You Have To Find Your Magic Number


Depending on your needs (and spending habits!), your magic income number may vary. Some of my friends are super happy earning 40K a year, I couldn’t live with that. My own magic number is a combination of two things as I’m not solely going after income:


#1 Making $100,000 per year.

#2 Working 4 days week.


I’ve found that with 100K (keep in mind that’s a household income since my wife doesn’t work), we can live comfortably with our children and offer them what they need (education, activities, etc). But I’ve also realized that I wanted to spend time with my wife and family and be there when it matters. In order to do that, I made the choice to work 4 days a week. At first, I took at salary drop of 80% in order to work 30 hours a week. Over time, I got a promotion where I could keep my 4 days but had to work 37.5 hours over these 4 days. I would rather put all my working hours into just four days as I truly enjoy my 3 day weekends with my family. If you want to know more about my story, I’ve written an eBook on how I managed to get a 6 figure income in 6 years of work. You can download it for free once you have registered to the Fabulously Broke Newsletter:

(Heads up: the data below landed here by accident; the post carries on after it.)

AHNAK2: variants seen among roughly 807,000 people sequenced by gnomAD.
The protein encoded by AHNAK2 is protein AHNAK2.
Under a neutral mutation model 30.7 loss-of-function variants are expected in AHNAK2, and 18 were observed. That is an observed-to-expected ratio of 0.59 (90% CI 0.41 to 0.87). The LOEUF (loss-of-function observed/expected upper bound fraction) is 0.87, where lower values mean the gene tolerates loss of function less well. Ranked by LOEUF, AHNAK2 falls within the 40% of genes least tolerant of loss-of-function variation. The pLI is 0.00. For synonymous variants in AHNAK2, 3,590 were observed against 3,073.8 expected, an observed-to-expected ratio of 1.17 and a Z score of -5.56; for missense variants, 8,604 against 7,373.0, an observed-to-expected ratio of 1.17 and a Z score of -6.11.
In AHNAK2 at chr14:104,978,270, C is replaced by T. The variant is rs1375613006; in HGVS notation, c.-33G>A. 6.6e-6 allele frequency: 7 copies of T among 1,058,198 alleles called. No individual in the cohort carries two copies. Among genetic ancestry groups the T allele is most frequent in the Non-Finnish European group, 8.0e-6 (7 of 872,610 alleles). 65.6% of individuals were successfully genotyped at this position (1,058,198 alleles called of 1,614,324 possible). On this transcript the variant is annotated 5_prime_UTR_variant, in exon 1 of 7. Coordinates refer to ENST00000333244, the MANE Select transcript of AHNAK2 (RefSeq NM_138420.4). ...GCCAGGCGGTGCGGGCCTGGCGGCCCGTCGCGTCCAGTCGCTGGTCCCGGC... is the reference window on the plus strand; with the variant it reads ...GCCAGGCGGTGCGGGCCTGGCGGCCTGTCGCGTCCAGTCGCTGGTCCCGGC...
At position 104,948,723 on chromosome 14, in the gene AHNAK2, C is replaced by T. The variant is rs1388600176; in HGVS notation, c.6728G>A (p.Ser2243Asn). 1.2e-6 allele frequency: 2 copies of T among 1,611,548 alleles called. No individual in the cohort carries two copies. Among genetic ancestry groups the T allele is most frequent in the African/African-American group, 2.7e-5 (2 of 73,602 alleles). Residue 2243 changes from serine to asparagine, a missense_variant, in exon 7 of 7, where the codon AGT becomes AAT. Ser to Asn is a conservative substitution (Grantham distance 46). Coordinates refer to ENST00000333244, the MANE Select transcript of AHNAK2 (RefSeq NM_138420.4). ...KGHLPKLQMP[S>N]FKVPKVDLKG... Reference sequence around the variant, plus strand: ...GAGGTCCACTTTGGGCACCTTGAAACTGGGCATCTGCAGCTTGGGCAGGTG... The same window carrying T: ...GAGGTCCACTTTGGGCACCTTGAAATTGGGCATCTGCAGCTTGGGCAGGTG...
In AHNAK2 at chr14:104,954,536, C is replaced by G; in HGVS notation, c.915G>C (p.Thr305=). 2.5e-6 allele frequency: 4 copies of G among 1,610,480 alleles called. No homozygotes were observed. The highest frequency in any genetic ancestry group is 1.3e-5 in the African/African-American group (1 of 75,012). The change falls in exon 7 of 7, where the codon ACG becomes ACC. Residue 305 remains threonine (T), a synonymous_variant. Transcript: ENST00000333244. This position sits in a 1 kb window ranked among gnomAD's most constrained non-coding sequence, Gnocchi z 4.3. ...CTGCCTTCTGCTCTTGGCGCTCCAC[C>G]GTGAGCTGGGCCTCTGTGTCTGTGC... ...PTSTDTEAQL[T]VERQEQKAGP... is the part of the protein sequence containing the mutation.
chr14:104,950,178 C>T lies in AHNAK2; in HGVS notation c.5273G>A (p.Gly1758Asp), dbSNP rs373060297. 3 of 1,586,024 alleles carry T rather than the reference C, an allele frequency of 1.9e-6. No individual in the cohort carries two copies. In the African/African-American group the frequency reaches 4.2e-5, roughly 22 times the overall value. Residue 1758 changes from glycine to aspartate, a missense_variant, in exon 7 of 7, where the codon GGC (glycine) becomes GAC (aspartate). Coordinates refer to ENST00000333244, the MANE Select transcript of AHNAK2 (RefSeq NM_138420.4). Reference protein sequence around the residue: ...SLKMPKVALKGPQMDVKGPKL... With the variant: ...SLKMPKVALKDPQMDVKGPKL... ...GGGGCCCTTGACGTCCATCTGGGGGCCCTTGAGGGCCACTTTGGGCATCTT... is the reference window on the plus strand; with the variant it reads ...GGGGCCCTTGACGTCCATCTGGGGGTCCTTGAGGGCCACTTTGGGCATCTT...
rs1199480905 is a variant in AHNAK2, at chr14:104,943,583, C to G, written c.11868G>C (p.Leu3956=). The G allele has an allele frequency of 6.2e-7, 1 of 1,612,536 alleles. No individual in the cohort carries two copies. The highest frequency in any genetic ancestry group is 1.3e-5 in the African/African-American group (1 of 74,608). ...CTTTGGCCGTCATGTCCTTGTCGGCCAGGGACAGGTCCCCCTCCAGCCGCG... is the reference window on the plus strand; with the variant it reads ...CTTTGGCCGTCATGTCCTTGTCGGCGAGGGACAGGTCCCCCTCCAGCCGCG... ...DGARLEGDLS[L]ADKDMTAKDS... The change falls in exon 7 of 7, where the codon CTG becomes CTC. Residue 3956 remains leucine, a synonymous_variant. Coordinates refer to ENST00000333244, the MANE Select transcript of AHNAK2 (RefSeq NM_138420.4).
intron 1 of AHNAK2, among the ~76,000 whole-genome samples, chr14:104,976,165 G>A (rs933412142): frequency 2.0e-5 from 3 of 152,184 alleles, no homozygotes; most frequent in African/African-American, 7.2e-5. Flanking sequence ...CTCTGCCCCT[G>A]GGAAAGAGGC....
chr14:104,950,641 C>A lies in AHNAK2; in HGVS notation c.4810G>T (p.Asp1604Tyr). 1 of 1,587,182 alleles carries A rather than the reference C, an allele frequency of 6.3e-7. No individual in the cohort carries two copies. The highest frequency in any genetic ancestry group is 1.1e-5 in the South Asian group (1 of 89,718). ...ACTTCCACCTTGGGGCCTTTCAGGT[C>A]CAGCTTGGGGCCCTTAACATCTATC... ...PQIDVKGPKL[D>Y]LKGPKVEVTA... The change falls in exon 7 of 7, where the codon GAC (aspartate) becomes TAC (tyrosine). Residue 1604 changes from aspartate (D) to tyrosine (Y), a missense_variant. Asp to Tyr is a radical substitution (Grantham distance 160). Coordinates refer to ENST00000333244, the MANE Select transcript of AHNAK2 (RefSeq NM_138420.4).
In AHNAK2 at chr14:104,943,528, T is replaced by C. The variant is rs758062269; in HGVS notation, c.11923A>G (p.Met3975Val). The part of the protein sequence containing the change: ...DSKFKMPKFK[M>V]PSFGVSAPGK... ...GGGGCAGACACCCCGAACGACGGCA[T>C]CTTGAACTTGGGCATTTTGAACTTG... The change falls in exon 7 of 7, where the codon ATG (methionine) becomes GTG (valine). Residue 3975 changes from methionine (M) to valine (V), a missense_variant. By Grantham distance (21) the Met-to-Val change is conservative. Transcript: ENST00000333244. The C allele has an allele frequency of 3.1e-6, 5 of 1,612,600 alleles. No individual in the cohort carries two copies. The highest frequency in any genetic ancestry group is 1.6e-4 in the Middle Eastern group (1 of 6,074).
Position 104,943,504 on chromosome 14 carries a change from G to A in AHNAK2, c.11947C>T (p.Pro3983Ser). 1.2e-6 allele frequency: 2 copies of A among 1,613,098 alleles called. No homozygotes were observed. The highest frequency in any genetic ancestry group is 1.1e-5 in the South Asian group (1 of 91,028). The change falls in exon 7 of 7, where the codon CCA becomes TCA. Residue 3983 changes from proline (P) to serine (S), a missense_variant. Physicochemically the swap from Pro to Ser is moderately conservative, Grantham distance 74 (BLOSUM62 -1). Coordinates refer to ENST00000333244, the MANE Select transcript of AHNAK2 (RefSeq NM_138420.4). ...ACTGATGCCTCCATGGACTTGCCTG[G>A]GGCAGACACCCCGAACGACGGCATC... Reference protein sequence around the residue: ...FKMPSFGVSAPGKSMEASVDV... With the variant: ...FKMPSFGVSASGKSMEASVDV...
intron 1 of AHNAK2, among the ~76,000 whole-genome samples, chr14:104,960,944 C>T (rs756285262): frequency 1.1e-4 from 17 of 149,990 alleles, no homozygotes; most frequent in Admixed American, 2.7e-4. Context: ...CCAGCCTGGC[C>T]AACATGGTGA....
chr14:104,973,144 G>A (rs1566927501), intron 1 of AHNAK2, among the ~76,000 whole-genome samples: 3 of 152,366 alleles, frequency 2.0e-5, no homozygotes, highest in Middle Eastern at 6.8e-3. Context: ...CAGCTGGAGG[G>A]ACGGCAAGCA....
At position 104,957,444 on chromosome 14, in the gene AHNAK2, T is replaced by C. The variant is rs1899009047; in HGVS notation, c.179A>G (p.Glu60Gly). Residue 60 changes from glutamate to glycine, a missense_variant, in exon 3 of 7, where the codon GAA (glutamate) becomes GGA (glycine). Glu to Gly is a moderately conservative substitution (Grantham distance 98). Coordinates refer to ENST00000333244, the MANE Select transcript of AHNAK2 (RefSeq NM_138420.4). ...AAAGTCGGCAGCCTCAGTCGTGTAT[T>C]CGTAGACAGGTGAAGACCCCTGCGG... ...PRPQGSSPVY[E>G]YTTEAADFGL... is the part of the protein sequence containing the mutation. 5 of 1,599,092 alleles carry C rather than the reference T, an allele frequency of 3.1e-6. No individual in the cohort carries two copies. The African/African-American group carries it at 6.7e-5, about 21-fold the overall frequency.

It’s Hard to Find The Balanced Work-Life and Own It


The most surprising thing we lived through when we decided to make big changes in our work-life household model was the reaction from others. Some people think I’m old school because my wife stays at home, others look at my wife like she doesn’t do anything with her life (I can’t tell you how many time we have heard remarks like “it must be pretty boring to stay at home, I wonder what you will do when your kids are all in school?” or the other “obvious question”: It’s nice that you stay home while you have a toddler, but what are you going to do next?